Nov 232014

After encountering several important differences in the basic aspects of American life—think inches and gallons—I found it reassuring that the hour here has sixty minutes, the day twenty-four hours, and the week seven days. Then I found the American week starts on Sunday. Being the first day after the weekend, my week has always started on Monday. There’s a reason for Saturday and Sunday being called the weekend; as the week’s final day, Sunday is reserved for rest before another work week. In my Slovak mind, the sequence of […] Continue reading >

Sep 172014

It took some time getting used to tipping in America, and I still have a problem with it. Over the years, Lindsay and I have had many a healthy and heated argument about my resistance to the automatic 20% tip, our cultures and personal experiences clashing like pot lids being banged against each other. No need to go into the details because in this clip from Quentin Tarantino’s movie Reservoir Dogs, Mr. Pink (Steve Buscemi) outlines some of my arguments. After all the back and forth, Lindsay and I […] Continue reading >

Aug 272014
Tipping in America, Hand to Hand (Part 1)

When I travel one of the first things I look up about a country is restaurant tipping customs and etiquette. This wasn’t the case when I came to the U.S. 11 years ago, chiefly because I didn’t have the money to go out much, not to mention tip. After returning from the yearlong round-the-world trip and changing my tipping habits (and currencies) every few weeks, I was reintroduced to tipping in America with something close to a jolt. Tipping in Slovakia In my native Slovakia tipping isn’t a strict […] Continue reading >

Apr 132013
Stereotypes: How to Combat Negative Perceptions

Rather than getting into where stereotypes come from* or how stereotyping operates, let me tackle the problem of dealing with negative stereotypes, since positive stereotypes are much less detrimental to optimal immigration experience. In addition, rather than just coping, which implies an internal, psychological process, let me examine how to combat negative stereotypes. Three basic strategies come to mind. Anti-stereotyping strategy #1: Ignore Ducks spread a waxy coating on their feathers during preening that ensures their underlayer remains dry at all times. Likewise, you the immigrant can build a […] Continue reading >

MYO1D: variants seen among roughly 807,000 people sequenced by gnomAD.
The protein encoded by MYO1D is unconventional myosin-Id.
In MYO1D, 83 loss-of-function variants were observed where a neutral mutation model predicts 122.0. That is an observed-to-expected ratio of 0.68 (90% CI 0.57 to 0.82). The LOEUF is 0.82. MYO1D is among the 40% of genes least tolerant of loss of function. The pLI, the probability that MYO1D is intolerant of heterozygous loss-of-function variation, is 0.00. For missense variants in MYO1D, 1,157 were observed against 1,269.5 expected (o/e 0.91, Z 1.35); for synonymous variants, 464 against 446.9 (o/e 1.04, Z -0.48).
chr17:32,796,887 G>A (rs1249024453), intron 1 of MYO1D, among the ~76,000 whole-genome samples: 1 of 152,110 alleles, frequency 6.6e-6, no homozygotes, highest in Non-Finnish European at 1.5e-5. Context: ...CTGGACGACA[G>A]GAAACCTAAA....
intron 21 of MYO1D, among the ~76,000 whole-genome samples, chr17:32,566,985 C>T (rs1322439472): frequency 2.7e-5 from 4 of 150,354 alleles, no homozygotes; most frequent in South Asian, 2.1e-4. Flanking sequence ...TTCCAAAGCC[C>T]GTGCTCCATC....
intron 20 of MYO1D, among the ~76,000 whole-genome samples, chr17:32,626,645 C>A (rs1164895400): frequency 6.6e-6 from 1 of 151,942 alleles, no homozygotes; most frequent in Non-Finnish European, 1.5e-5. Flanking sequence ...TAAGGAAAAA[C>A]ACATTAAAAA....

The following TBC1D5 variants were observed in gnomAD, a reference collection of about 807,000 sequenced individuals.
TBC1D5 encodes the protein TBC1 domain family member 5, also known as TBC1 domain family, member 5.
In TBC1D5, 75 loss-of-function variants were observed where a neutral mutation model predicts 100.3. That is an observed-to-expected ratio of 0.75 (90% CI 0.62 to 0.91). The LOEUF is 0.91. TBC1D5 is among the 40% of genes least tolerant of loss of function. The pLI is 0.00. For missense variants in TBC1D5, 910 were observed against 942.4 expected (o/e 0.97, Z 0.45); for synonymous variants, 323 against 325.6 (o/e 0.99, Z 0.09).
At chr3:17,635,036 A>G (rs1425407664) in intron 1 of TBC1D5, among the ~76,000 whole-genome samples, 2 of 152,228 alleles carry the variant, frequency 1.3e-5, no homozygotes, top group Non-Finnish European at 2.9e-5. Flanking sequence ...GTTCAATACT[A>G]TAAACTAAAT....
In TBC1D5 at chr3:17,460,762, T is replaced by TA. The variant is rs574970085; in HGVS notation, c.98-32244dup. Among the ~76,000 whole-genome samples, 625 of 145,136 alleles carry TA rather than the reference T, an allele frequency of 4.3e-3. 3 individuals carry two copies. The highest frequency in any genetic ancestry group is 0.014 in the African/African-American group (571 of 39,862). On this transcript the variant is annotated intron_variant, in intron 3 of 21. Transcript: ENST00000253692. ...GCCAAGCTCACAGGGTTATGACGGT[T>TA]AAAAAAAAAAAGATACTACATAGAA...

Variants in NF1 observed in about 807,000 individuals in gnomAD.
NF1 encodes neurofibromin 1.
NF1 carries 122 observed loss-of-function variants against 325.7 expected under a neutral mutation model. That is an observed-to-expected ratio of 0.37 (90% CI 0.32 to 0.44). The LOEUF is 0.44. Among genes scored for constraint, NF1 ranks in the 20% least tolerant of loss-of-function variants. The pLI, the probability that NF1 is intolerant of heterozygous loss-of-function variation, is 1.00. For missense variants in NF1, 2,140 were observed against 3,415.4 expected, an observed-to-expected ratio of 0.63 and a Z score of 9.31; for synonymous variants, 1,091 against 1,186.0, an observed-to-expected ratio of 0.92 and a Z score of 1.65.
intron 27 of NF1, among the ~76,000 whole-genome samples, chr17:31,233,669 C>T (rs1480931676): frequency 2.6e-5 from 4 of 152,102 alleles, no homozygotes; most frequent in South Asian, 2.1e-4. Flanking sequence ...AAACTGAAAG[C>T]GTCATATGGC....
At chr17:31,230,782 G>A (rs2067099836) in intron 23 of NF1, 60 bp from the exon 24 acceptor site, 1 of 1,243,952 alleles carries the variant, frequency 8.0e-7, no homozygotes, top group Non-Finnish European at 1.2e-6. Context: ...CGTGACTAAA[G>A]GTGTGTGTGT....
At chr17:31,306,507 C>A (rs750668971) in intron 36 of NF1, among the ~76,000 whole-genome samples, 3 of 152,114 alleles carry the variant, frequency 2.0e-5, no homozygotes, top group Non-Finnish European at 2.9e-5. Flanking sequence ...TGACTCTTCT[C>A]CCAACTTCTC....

Apr 052013

Foreigners frequently master the grammar of a language better than its native speakers, the better, perhaps to hide their difference, their diffidence, which also explains why they are so tactful, almost ceremonial, when it comes to the language they adopt, bowing before its splendor, its arcane syntax, to say nothing of its slang, which they use sparingly, and somewhat stiffly, with the studied nonchalance of people who aren’t confident enough to dress down when the need arises. —Andre Aciman in “Shadow Cities”, in: Letters of Transit: Reflections on Exile, […] Continue reading >

Mar 252013
Stereotypes: What Americans Think of Eastern Europeans

Kay Deaux’s To Be an Immigrant (review) devotes considerable ink on stereotypes that Americans hold about immigrants. Some immigrant groups have it worse than others, e.g. Haitians or Mexicans vs. white Europeans, but every immigrant regardless of their country of origin, nationality, or race experiences some form of stereotyping. Coping with with such simplified perceptions affects the immigration experience. To confirm and expand my idea about natural-born Americans’ perceptions of Eastern Europeans, a more familiar category for the locals than Central Europeans, I posed this question on Facebook: Eastern Europeans Are… As is […] Continue reading >

Mar 032013

An accent is a tell-tale scar left by the unfinished struggle to acquire a new language. But it is much more. It is an author’s way of compromising with a world that is not his world and for which he was not and, in a strange sense, will never be prepared, torn as he’ll always remain between a new, thoroughly functional here-and-now and an old, competing altogether-out-there that continues to exert a vestigial but enduring pull. An accent marks the lag between two cultures, two languages, the space where […] Continue reading >